6. Payments using digital devices such as Smartphones or wearables started to emerge before the COVID-19 coronavirus happened. Enabling wallets to offer other features, such as digital IDs and transaction monitoring and reporting, will promote even more growth. Companies that provide viable options for integrated and contactless payments, to both customers and merchants, will have a distinctive edge over competitors.
  7. The COVID-19 coronavirus crisis opened new uses for data. In Europe, consumers are open to the use of data for their own benefit than in the US. The protections against fraud that can be developed should benefit users, not providers, in the weeks when activity resumes. Benefits delivered then will carry the mindset change forward. Fraud prevention is likely, more than ever, to be the priority.
  8. This worldwide disruption of our societies is triggering a new wave of innovation, with a cooperative mindset not seen in past crises. The liquidity and profitability crunch provoked by this health crisis will lead to a shakeout in the fintech industry, eliminating initiatives that lack clear long-term economic viability. Shayne Heffernan, PhD, Knightsbridge Group’s Chairman declares that this development will lead to a new fintech landscape, geared more to marketwide cooperation and Win–Wins and less to challenging the incumbents. “Given the change in valuations and market expectations, market consolidation and the development of local and regional champions may continue. In that context, companies will also be reviewing their prospects for growth, as well as considering partnership models and organic and M&A growth, to support their strategies,” he says.
  9. Banks will also have to readjust to this new model. Today, payments are a major cost for many banks, and most spending maintains existing systems instead of creating change. In this post-crisis world, banks must reflect on how to organize for change, possibly by running some of their payments businesses in a completely different way. They could consider structural moves on the use of onshoring Vs outsourcing, cloud-based infrastructure, automation, and analysis-driven decisions to reimagine scale or the realignment of products. Payments-as-a-service business models are likely to get a boost, particularly where they can provide relief for reduced IT budgets.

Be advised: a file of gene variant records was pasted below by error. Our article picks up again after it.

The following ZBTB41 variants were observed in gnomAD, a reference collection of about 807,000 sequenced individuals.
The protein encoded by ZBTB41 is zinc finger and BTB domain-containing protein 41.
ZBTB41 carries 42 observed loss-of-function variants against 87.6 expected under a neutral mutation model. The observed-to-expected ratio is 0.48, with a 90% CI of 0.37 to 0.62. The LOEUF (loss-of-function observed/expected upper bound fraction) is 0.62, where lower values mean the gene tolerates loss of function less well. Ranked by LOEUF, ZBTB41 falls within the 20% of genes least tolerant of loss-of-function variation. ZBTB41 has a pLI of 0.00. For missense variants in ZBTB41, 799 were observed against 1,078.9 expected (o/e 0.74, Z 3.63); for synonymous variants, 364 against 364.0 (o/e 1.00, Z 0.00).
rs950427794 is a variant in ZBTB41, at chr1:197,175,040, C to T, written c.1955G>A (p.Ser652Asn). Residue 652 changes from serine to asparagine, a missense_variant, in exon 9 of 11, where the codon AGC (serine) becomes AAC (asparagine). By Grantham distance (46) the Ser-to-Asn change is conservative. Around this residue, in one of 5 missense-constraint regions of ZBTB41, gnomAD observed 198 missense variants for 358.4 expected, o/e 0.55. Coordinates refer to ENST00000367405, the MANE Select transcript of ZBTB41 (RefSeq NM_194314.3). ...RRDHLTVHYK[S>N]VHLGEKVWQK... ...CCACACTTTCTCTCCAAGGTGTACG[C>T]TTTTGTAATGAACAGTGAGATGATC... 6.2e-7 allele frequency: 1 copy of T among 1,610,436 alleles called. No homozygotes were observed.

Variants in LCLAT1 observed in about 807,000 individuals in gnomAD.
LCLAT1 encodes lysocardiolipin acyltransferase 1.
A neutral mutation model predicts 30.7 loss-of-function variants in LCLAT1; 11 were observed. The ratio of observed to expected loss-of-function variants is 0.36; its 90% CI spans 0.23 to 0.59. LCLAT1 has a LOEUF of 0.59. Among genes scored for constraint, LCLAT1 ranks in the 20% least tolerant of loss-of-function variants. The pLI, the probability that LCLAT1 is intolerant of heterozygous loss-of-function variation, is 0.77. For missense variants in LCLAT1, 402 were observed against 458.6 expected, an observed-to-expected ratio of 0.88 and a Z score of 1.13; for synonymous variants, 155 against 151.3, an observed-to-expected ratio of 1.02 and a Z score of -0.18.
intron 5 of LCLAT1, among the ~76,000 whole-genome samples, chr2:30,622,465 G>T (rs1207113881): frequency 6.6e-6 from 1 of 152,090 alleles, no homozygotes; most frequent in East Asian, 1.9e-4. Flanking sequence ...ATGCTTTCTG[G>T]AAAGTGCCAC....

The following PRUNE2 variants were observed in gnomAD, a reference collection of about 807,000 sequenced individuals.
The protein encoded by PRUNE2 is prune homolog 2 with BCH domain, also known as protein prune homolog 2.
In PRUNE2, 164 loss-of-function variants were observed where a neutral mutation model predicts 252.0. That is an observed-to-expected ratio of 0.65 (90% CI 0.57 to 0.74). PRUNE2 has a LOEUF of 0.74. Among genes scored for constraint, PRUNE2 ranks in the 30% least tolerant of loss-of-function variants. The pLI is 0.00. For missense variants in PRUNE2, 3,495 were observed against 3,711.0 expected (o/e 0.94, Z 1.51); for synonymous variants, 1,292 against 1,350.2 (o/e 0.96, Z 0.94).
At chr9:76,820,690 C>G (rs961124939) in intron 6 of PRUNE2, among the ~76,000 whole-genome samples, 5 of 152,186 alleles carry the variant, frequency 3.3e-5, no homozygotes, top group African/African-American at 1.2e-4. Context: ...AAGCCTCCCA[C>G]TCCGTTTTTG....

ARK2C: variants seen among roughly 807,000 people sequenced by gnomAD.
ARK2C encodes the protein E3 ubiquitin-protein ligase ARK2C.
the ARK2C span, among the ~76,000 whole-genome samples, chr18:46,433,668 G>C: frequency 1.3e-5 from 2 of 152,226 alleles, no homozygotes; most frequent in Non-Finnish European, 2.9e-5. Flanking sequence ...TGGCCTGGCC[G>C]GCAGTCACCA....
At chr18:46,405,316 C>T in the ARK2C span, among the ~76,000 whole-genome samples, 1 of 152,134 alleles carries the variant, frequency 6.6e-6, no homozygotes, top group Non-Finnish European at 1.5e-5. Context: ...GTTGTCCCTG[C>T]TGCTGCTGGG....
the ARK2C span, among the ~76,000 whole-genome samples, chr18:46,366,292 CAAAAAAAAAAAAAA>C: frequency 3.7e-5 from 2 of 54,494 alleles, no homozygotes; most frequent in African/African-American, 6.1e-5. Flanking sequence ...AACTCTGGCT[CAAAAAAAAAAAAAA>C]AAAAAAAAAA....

10. In this changing time, people must move to setups that solve real-world problems, guaranteed by regulators but not imposed. This will require a new model of collaboration between the payments sector and regulators, a model focused on innovation in payments, adapted to the new economic reality in a sustainable and resilient way. Early indications see the Fed, the FDIC, and the OCC announced on 27 March, that they will allow companies to delay the adoption of CECL (current-expected-credit-loss) standards on regulatory capital for 2 ys. This will support lending activity post- COVID-19 coronavirus while maintaining the quality of regulatory capital.

Along this path, managing the immediate threat to people’s health and well-being is of the highest priority. So we do not expect these reforms to happen right off the bat.

But it is important to balance short-term health crisis management by thinking ahead to the restart of the economy and preparing for the new normal should this crisis be or really become the evolutionary disaster it is being made out to be, 1 where everybody is afraid of everybody else except family and very close friends and associates. Feels reptilian to me.

Thinking ahead with innovation may allow business to exit the crisis with a more customer-focused, efficient, and healthy payments industry.

Have a healthy day, stay home!

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Paul A. Ebeling, a polymath, excels, in diverse fields of knowledge Including Pattern Recognition Analysis in Equities, Commodities and Foreign Exchange, and he is the author of "The Red Roadmaster's Technical Report on the US Major Market Indices, a highly regarded, weekly financial market commentary. He is a philosopher, issuing insights on a wide range of subjects to over a million cohorts. An international audience of opinion makers, business leaders, and global organizations recognize Ebeling as an expert.